Actually, toile or imagery of rural or romantic scenes in a single color on a white background comes from France, but like many trends, toile moved across the sea to England and across the ocean to America. This past December, I stopped by my favorite sewing shop in London, Stag & Bow, and they had Toile fabricscraps of decorator fabric for sale. So, I picked out a purple toile depicting a rural couple walking though a farmyard. And now I’ve used the scene for the center of a pillow which I’ve added to my shop

When I look at the couple in purple toile, I think they are very lucky to have shoes. They’re lucky to have clean shoes. Actually, they are very clean all around. But, of course, toile presents an idealized view of rural life. And it certainly seemed that way when I traced its outlines in Mawmaw’s bathroom. I liked to dream of other places and times where everything was different than pleather kitchen chairs, processed turkey sandwiches with Kool-Aid, and summers so hot that my sister and I tried to not to move from the living room carpet lest we drown in a pool of our own sweat.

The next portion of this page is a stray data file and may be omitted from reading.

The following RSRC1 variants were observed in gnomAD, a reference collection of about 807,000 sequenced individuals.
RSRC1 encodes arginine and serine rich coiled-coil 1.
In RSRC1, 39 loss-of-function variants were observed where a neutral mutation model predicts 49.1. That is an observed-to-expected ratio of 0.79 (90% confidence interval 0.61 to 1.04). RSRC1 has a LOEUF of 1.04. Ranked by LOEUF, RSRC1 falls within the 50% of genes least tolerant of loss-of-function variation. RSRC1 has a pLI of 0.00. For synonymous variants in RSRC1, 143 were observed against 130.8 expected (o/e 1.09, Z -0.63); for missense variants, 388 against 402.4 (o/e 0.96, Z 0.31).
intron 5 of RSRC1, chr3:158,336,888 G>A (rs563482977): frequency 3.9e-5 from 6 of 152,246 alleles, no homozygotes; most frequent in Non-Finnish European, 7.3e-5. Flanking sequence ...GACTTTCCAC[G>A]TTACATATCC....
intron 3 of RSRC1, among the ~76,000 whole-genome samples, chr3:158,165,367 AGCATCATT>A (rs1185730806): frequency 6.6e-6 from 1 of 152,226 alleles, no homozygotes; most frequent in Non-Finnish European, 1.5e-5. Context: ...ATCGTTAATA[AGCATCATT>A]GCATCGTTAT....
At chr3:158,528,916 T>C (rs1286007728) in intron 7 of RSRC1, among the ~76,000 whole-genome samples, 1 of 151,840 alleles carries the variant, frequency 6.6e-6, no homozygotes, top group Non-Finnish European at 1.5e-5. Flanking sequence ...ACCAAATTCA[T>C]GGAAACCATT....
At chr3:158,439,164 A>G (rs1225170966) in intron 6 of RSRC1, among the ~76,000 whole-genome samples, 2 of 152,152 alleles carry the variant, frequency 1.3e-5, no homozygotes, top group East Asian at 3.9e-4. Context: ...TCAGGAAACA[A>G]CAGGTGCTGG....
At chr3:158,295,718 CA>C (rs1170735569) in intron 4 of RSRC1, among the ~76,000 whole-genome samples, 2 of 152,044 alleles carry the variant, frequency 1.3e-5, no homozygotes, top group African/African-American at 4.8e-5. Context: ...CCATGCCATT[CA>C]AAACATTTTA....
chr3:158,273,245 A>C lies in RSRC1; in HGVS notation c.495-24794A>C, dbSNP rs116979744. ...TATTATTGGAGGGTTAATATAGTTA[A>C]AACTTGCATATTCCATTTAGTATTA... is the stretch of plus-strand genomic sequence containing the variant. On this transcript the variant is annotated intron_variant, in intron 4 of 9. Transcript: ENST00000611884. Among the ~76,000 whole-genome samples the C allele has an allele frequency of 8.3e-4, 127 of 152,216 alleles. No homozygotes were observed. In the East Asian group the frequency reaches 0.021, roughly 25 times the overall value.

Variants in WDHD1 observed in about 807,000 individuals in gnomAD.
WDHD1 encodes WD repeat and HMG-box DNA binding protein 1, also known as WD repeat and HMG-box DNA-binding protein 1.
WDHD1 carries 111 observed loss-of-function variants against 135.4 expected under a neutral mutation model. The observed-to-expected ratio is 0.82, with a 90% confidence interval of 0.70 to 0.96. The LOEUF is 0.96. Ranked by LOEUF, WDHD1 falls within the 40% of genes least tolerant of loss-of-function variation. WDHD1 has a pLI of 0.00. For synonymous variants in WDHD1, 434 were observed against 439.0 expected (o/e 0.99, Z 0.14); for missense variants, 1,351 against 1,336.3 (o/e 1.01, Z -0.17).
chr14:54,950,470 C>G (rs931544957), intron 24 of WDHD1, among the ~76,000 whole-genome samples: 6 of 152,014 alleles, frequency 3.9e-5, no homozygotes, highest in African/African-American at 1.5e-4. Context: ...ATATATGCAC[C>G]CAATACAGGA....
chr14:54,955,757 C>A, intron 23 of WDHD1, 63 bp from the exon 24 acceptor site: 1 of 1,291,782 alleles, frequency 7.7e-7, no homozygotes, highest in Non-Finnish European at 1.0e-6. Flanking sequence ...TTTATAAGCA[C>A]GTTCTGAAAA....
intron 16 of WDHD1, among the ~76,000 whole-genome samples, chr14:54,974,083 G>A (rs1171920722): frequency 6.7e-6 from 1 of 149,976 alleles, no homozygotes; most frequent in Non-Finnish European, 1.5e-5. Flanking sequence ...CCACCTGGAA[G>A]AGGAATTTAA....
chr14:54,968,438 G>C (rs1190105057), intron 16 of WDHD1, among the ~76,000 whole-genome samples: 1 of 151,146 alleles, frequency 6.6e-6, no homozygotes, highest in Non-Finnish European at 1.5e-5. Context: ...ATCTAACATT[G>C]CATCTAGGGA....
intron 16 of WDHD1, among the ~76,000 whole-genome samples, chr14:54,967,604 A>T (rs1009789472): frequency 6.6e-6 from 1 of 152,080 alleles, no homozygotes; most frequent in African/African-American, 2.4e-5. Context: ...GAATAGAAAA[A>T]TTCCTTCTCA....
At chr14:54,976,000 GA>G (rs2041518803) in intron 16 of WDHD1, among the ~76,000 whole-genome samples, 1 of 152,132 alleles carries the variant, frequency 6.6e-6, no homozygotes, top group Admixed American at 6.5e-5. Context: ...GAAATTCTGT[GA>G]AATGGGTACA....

Mawmaw Margie’s toile panelling was our Disney-Princess-time-travel-to-foreign-lands-where-people-never-wore-terrycloth-jumpsuits-panorama.

I’d love to see it just one more time.

When I look at the toile couple on my newly stitched pillow, I am still a bit jealous of them, even though I do realize that their lives were far from ideal. It’s just that I like to think they knew the local names for the birds they saw along the shore Whole toile pillowand they could identify plants which were good for dye or for eating. They knew when nettles were best for tea, for soup, for light green dye, and for stripping to make fibre. Now, I get that not all of these people of the imaginary past knew all of those things. But, they did have to know some of these things if they wanted to weave cloth, mark the seasons, plant at the correct time, doctor themselves and each other, or soothe a baby.